Due to the power outage in the Communications Building, many classes and events scheduled for this week have been moved. For continued updates and location changes please go to www.doane.edu/communications-update.
By Micaela Fikar
Frees isn't the only residence getting an upgrade at Doane.
Doane recently welcomed a new pair of swans, and now there's a new home for them as well. Their winter housing has been completely renovated.
Dan Meyer, the Director of Planned Giving, helped to build the new shed at his home near Roca. He said the old shed, which had been on campus for around 20 years, was in poor condition.
"The previous shed was falling apart," said Meyer. "This new one is easier to clean, and I tried to build it in a way I thought looked like a nice home for our most elegant Doane residents."
The Maintenance department, Advancement department, and the Crete community all pitched in to help bring the "Condo" to life.
"The Maintenance department gave most of the materials," said Dan Meyer, the Director of Planned Giving. "Brian [Flesner] did all the measurements, True Value of Crete donated the paint, and then I donated my time, and the windows, screws, and things like that. It's a good reflection on how everyone can work together to make something good happen. That to me is the key."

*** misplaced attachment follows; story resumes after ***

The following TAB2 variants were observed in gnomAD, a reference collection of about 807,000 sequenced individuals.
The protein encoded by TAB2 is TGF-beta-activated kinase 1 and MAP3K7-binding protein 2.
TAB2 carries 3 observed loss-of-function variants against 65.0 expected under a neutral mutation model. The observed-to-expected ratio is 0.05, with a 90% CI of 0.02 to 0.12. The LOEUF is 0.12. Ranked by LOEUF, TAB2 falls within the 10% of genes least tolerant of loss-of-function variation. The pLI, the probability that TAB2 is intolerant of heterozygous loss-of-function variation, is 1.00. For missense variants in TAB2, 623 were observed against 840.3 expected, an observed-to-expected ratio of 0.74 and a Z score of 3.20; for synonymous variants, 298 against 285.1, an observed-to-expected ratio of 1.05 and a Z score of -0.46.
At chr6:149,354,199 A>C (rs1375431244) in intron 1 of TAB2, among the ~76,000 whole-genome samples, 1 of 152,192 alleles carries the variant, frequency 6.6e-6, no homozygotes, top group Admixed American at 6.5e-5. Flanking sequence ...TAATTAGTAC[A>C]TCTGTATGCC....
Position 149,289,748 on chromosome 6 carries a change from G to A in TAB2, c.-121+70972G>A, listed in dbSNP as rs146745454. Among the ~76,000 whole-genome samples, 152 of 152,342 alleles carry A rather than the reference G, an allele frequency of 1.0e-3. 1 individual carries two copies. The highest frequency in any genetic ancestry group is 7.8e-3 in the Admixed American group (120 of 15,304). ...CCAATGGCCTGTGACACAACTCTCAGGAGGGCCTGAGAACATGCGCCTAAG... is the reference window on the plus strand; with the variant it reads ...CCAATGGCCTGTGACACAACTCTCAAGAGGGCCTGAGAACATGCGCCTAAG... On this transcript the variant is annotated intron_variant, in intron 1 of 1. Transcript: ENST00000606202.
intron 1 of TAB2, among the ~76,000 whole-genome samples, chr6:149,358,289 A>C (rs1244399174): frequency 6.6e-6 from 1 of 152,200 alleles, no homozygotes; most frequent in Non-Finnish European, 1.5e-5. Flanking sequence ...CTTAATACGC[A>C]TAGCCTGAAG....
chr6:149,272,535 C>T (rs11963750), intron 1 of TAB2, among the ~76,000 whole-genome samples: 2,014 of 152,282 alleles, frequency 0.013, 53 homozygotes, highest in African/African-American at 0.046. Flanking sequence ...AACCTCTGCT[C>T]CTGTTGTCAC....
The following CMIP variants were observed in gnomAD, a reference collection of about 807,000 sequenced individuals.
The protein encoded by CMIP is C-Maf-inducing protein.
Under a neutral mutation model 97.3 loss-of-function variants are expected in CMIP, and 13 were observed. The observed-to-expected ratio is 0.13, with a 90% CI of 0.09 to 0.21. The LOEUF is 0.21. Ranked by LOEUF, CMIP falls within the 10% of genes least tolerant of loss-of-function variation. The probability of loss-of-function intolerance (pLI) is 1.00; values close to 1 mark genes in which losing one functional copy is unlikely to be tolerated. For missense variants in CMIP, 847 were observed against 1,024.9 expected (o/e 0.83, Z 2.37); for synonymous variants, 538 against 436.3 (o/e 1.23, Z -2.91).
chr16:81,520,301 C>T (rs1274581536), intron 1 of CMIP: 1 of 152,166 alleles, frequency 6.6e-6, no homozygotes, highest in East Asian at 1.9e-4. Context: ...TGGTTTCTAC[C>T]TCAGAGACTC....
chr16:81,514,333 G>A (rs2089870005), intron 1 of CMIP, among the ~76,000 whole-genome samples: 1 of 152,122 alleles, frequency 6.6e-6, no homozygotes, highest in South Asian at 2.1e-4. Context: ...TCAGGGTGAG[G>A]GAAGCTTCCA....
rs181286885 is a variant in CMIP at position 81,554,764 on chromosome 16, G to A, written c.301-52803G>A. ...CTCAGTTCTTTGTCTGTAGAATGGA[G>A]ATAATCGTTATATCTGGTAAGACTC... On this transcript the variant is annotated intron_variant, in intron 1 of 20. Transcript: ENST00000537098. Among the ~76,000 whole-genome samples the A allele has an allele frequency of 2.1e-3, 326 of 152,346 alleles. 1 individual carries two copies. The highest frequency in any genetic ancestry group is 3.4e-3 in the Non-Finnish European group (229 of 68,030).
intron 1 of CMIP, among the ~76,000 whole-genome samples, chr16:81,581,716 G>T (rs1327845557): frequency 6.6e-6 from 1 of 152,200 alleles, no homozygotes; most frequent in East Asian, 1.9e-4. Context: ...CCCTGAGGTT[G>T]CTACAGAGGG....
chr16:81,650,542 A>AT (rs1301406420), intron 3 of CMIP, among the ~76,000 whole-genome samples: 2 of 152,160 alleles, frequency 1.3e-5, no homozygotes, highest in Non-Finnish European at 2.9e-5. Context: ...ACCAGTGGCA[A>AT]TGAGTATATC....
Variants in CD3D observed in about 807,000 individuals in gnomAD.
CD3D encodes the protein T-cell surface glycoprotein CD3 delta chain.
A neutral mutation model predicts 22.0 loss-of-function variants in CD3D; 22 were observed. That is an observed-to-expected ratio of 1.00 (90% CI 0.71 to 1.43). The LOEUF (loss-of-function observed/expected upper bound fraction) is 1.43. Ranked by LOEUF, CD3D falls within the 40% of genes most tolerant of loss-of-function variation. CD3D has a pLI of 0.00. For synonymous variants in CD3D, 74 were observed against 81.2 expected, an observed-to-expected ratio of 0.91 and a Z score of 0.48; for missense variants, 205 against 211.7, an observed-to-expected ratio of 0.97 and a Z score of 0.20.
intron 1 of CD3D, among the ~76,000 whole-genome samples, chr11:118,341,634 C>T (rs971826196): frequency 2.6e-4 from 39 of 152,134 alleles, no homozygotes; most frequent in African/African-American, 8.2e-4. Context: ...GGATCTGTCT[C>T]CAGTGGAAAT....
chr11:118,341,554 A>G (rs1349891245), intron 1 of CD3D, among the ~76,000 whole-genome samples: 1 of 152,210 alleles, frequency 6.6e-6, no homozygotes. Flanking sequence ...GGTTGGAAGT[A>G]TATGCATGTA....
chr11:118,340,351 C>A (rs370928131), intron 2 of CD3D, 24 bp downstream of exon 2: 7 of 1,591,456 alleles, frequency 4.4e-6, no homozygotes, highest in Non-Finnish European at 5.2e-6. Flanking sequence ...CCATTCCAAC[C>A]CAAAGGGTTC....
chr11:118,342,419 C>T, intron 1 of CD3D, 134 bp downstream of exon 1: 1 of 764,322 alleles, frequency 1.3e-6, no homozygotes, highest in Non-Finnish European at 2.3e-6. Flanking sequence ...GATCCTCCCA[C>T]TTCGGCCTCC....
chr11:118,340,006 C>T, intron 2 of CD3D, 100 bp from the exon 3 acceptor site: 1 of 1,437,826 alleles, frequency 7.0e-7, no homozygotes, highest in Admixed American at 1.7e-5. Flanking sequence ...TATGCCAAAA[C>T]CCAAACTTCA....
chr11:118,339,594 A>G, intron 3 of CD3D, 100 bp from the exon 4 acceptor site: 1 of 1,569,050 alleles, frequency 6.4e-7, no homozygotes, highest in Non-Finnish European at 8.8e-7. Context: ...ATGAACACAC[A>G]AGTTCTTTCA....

Brian Flesner, the Manager of Grounds and Fleet Services for Doane, said he thought it was great the departments could work together to do something fun and creative.
"It was a good project, with not a lot of outside resources," he said.
The Condo's newest residents were signets of Doane swans from last year. The female was taken from Miller Pond, and the male from Doane Lake.
"There were some concerns at first as to whether they would get along," said Flesner. "But we haven't had a single problem. It's been the best possible scenario."
This pair is number seven for Doane, which has had swans on campus since 1980's, said Flesner. The previous male in Miller Pond was attacked and killed by a dog last year, and so the female was removed from the pond, and the new pair replaced them.
"They [the swans] are still figuring things out," said Flesner. "But I venture to say they'll be like any other pair we've had. They usually live up to 12 years, but depending on their surroundings, they can live up to 20."
Meyer said he hoped the swans would enjoy their new home.
"The swans are so endearing," said Meyer. They're a great symbol of the campus. It's nice that they have a nice place to call home. The Swan Condo."